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Quote of the day: Consequently, to get rid of the report,
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History of Rome (Ab Urbe Condita) by Livy
Translated by Rev. Canon Roberts
Book XXIV Chapter 28: Considerations of an assembly.[214 BC]
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While affairs were in this unsettled state, it was resolved to call an assembly; in which, when some leaned to one side and some to the other, and an insurrection being on the point of breaking out, Apollonides, one of the nobles, delivered a speech fraught with salutary advice, considering the critical state of affairs: "Never," he said, "had a state a nearer prospect of safety and annihilation. For if they would all unanimously espouse the cause either of the Romans or the Carthaginians, there could be no state whose condition would be more prosperous and happy; but if they pulled different ways, the war between the Romans and Carthaginians would not be more bloody than that which would take place between the Syracusans themselves, in which both the contending parties would have their forces, their troops, and their generals, within the same walls. Every exertion ought therefore to be made that all might think alike. Which alliance would be productive of the greater advantages, was a question of quite a secondary nature, and of less moment; though the authority of Hiero ought to be followed in preference to that of Hieronymus in the selection of allies, and a friendship of which they had had a happy experience through a space of fifty years, ought to be chosen rather than one now untried and formerly unfaithful. That it ought also to have some weight in their deliberations, that peace with the Carthaginians might be refused in such a manner as not immediately, at least, to have a war with them, while with the Romans they must forthwith have either peace or war." The less of party spirit and warmth appeared in this speech the greater weight it had. A military council also was united with the praetors and a chosen body of senators; the commanders of companies also, and the praefects of the allies, were ordered to consult conjointly. After the question had been agitated with great warmth, at length, as there appeared to be no means of carrying on a war with the Romans, it was resolved that a treaty of peace should be formed, and that ambassadors should be sent with those from Rome to ratify the same.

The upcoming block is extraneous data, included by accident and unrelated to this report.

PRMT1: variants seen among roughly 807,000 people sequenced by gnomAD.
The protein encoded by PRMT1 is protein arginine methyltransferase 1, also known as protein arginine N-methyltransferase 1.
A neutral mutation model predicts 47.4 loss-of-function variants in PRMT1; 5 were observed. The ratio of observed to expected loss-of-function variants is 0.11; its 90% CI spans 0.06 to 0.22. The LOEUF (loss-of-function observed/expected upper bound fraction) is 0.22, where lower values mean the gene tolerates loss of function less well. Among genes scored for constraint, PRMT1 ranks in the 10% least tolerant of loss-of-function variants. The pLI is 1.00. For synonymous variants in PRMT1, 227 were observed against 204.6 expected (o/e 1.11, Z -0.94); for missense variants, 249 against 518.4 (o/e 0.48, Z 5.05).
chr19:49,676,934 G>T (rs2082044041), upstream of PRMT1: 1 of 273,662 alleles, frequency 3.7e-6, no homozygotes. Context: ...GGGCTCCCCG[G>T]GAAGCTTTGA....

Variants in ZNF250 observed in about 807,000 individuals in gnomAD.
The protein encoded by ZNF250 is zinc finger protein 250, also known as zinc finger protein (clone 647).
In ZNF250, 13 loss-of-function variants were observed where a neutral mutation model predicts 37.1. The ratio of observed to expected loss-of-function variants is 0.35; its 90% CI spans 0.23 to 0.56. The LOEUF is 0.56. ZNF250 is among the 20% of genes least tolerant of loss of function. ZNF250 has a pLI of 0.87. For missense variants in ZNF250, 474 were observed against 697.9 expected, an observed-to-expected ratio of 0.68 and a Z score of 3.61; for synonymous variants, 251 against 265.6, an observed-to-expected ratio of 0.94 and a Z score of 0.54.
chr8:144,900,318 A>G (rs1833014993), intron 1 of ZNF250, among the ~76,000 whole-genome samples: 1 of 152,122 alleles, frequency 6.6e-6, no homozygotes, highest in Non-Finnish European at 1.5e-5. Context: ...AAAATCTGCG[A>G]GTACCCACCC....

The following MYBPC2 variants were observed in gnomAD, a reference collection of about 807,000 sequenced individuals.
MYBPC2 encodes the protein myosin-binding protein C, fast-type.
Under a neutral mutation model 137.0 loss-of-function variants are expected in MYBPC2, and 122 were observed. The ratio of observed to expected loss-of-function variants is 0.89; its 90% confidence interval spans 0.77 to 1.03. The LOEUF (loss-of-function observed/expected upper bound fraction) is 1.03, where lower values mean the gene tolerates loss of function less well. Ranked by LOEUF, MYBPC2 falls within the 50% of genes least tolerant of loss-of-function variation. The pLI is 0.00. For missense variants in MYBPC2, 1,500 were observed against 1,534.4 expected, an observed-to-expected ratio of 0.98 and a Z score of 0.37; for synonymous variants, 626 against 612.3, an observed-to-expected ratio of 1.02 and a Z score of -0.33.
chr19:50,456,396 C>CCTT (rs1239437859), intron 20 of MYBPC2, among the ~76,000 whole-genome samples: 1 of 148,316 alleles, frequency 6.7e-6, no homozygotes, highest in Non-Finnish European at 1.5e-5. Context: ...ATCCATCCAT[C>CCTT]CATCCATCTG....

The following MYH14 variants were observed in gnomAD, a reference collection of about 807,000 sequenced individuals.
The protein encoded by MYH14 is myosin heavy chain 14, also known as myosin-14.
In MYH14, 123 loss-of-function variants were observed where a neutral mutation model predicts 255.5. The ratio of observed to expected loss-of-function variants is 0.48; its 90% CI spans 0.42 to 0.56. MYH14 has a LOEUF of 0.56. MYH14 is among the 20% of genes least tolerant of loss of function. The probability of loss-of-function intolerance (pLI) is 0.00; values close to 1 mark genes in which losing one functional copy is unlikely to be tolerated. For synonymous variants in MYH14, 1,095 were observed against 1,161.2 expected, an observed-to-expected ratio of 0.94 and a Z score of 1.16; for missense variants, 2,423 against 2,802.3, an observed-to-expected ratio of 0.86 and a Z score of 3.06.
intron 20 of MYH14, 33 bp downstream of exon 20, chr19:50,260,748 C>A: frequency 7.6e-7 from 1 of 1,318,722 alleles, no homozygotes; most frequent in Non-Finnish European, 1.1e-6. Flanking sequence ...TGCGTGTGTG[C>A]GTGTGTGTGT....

Event: The Second Punian War in Italy in 214 BC. Sicily and Sardinia